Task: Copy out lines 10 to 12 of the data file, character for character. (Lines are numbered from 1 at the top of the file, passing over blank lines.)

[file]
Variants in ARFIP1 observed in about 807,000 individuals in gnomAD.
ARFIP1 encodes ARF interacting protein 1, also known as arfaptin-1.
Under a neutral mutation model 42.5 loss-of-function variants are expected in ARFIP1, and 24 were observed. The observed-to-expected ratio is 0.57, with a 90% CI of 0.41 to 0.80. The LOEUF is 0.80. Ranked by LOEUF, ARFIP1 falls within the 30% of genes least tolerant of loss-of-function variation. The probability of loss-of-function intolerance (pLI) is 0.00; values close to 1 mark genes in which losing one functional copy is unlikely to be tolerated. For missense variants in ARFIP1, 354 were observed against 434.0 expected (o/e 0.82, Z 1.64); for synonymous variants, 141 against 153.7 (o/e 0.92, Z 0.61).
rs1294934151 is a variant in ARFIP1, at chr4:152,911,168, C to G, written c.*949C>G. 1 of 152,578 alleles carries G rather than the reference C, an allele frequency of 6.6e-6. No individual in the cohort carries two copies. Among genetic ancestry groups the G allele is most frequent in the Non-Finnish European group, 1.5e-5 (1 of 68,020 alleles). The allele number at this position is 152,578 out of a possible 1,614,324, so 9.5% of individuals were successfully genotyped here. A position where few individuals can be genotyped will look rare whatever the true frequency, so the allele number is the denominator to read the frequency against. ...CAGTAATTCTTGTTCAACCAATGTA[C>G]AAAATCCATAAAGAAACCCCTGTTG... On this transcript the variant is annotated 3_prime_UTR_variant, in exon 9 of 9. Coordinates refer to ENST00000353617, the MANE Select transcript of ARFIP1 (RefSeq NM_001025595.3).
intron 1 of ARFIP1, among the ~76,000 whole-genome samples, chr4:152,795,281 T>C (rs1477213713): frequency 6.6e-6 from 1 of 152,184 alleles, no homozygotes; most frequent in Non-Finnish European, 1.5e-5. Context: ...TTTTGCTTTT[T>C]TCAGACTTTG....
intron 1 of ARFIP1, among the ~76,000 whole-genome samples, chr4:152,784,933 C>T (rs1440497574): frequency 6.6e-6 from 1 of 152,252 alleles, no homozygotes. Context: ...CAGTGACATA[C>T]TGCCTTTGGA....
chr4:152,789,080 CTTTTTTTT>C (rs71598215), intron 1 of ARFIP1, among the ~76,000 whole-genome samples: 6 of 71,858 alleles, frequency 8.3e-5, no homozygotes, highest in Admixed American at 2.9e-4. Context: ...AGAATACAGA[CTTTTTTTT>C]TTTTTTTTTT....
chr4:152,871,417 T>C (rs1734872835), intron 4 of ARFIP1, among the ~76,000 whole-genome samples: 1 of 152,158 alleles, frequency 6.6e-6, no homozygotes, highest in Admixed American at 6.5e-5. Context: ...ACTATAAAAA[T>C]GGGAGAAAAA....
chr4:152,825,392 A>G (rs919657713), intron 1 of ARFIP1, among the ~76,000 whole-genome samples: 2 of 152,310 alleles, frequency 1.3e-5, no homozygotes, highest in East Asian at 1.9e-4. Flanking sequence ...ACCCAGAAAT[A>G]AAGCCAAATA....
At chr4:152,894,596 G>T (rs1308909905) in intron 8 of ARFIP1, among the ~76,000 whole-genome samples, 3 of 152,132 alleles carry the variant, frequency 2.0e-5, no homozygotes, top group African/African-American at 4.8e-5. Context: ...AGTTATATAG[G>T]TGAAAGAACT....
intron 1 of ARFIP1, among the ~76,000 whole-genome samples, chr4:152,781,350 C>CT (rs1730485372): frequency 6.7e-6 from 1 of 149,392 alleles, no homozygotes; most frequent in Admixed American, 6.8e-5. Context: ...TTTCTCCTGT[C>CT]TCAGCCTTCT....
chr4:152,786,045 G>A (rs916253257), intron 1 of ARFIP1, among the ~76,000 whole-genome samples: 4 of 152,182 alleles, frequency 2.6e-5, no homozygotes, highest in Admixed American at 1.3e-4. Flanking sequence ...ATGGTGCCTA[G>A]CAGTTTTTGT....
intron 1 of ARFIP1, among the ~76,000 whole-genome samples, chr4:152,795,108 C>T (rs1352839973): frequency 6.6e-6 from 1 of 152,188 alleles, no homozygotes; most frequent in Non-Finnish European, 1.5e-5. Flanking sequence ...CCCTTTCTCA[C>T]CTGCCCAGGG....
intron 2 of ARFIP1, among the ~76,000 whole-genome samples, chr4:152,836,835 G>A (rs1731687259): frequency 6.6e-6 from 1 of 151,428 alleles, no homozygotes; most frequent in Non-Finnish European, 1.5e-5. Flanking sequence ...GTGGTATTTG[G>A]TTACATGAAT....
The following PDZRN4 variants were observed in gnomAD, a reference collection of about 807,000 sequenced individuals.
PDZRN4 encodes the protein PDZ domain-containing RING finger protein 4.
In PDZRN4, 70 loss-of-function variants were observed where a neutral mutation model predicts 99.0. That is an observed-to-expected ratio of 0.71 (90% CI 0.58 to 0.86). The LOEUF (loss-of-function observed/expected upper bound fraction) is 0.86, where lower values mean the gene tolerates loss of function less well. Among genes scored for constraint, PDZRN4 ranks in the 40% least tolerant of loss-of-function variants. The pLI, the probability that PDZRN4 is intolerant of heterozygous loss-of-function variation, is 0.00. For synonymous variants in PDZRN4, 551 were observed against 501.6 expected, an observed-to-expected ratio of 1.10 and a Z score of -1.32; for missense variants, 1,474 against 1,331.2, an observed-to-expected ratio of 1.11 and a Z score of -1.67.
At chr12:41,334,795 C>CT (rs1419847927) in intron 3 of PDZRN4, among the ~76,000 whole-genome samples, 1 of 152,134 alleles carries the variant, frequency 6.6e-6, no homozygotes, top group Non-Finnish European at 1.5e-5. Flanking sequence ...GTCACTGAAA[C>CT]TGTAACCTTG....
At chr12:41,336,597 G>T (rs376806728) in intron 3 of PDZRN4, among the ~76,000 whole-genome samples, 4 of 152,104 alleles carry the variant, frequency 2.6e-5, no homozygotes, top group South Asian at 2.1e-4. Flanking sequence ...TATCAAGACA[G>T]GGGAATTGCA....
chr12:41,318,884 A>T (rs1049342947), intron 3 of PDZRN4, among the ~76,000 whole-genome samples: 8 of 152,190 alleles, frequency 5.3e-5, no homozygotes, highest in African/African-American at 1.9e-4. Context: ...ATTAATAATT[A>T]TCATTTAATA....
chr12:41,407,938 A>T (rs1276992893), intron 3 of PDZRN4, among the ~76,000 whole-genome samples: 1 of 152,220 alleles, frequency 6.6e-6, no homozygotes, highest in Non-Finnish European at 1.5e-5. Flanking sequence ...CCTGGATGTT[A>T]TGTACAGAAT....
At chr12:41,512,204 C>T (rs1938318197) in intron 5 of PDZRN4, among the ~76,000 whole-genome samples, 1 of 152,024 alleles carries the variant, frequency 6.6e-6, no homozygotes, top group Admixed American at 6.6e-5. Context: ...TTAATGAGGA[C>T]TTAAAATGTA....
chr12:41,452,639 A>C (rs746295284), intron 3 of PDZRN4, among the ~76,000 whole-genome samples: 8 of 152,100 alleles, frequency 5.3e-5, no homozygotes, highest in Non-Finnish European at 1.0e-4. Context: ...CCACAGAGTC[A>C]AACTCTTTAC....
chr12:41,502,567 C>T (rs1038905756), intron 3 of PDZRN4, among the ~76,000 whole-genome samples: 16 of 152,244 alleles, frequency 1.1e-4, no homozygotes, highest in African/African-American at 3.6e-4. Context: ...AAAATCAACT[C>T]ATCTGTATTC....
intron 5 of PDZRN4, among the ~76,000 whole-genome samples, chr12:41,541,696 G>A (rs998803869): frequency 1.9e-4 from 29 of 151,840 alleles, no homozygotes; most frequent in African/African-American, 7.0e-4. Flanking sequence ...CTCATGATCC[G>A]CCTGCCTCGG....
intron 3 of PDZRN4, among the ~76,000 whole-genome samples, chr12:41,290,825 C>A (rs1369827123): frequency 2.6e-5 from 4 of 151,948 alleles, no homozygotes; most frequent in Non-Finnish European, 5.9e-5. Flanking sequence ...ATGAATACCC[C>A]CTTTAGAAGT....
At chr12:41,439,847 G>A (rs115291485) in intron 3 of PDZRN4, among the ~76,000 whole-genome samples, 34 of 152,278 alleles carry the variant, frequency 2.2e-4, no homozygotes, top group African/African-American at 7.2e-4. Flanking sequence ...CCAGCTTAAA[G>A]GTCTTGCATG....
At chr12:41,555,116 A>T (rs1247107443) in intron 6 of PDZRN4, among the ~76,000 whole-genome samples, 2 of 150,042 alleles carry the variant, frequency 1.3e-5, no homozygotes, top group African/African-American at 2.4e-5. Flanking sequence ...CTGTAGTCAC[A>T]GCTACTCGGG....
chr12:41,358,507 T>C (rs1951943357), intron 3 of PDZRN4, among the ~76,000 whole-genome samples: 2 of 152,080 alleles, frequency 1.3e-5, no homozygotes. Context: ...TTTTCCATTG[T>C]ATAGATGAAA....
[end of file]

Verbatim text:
At chr4:152,894,596 G>T (rs1308909905) in intron 8 of ARFIP1, among the ~76,000 whole-genome samples, 3 of 152,132 alleles carry the variant, frequency 2.0e-5, no homozygotes, top group African/African-American at 4.8e-5. Context: ...AGTTATATAG[G>T]TGAAAGAACT....
intron 1 of ARFIP1, among the ~76,000 whole-genome samples, chr4:152,781,350 C>CT (rs1730485372): frequency 6.7e-6 from 1 of 149,392 alleles, no homozygotes; most frequent in Admixed American, 6.8e-5. Context: ...TTTCTCCTGT[C>CT]TCAGCCTTCT....
chr4:152,786,045 G>A (rs916253257), intron 1 of ARFIP1, among the ~76,000 whole-genome samples: 4 of 152,182 alleles, frequency 2.6e-5, no homozygotes, highest in Admixed American at 1.3e-4. Flanking sequence ...ATGGTGCCTA[G>A]CAGTTTTTGT....